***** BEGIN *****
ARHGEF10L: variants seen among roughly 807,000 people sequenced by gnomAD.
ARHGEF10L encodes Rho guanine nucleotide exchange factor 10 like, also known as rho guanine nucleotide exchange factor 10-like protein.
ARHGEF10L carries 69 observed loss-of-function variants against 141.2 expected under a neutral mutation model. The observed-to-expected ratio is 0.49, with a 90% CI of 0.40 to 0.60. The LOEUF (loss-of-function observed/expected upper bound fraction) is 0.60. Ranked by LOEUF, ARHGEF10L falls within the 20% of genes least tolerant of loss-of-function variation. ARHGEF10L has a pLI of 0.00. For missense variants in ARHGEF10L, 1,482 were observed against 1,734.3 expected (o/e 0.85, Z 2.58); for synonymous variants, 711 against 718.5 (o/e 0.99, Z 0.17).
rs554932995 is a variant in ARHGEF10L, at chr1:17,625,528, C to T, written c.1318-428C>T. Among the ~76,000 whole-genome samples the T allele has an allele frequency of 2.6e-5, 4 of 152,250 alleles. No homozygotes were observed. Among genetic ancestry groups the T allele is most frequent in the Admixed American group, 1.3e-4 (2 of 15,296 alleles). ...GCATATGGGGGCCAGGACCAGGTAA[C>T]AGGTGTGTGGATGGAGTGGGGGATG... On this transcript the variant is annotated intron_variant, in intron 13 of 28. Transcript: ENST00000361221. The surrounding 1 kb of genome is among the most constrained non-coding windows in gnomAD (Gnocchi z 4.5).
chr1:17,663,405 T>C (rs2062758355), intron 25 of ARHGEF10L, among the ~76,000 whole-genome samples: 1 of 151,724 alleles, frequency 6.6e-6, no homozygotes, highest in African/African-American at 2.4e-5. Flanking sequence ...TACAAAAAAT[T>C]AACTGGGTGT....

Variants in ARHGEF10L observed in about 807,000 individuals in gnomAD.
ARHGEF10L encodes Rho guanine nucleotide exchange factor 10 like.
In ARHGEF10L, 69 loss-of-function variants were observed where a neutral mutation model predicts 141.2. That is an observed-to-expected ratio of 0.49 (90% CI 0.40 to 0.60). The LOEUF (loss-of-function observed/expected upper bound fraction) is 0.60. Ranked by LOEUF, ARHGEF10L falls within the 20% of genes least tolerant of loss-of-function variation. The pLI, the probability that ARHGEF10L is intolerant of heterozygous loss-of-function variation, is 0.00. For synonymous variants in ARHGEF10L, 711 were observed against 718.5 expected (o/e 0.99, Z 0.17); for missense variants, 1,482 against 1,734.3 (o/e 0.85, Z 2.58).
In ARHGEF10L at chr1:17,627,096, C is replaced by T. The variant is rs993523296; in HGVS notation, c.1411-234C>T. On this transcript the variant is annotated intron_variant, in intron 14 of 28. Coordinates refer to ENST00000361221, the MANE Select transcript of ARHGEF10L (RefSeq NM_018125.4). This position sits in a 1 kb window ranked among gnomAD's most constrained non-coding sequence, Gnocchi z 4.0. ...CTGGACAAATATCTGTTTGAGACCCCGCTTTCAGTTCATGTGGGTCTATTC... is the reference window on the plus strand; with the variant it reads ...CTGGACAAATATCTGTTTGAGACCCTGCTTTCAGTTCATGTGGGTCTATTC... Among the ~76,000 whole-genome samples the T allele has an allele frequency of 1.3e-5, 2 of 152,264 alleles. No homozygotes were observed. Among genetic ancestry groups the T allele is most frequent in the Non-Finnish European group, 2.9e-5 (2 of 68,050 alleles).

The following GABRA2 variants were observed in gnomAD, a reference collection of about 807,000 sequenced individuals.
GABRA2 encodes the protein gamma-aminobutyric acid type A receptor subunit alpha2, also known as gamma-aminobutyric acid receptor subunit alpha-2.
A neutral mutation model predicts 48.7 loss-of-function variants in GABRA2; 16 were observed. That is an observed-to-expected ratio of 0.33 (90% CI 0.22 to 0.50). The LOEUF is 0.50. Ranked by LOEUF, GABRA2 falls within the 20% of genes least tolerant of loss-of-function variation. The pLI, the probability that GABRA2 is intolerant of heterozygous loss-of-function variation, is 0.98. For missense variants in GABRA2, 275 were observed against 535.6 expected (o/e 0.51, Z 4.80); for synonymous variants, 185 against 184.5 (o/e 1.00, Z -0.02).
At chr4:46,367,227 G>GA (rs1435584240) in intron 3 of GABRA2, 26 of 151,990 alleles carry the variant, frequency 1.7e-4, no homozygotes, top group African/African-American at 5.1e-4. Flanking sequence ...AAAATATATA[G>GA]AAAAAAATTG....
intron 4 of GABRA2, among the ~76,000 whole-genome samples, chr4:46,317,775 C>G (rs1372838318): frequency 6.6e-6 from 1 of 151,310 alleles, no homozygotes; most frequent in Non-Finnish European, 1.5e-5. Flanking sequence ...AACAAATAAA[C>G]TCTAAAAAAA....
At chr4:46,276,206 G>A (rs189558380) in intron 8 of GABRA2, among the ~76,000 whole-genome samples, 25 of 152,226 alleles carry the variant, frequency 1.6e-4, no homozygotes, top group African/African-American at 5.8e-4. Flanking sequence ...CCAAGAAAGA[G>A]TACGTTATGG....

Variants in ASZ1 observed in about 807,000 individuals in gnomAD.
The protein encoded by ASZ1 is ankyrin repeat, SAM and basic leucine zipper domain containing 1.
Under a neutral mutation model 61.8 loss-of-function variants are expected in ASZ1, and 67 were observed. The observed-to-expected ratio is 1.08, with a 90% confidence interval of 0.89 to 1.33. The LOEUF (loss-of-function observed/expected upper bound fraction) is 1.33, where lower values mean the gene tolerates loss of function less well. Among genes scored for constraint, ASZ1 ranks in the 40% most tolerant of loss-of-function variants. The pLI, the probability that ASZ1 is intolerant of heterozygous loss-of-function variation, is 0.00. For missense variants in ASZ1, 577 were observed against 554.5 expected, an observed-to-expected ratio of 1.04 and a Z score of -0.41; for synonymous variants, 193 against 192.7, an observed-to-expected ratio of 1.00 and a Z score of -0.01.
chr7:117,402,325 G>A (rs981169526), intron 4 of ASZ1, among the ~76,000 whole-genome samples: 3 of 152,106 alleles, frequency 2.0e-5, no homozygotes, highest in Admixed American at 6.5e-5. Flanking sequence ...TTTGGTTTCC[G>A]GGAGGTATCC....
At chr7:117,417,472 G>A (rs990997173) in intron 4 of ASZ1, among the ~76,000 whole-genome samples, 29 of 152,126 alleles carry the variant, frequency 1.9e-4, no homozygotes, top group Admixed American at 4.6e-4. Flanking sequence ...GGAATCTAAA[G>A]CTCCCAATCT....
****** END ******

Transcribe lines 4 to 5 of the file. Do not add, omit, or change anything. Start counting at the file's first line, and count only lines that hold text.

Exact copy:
rs554932995 is a variant in ARHGEF10L, at chr1:17,625,528, C to T, written c.1318-428C>T. Among the ~76,000 whole-genome samples the T allele has an allele frequency of 2.6e-5, 4 of 152,250 alleles. No homozygotes were observed. Among genetic ancestry groups the T allele is most frequent in the Admixed American group, 1.3e-4 (2 of 15,296 alleles). ...GCATATGGGGGCCAGGACCAGGTAA[C>T]AGGTGTGTGGATGGAGTGGGGGATG... On this transcript the variant is annotated intron_variant, in intron 13 of 28. Transcript: ENST00000361221. The surrounding 1 kb of genome is among the most constrained non-coding windows in gnomAD (Gnocchi z 4.5).
chr1:17,663,405 T>C (rs2062758355), intron 25 of ARHGEF10L, among the ~76,000 whole-genome samples: 1 of 151,724 alleles, frequency 6.6e-6, no homozygotes, highest in African/African-American at 2.4e-5. Flanking sequence ...TACAAAAAAT[T>C]AACTGGGTGT....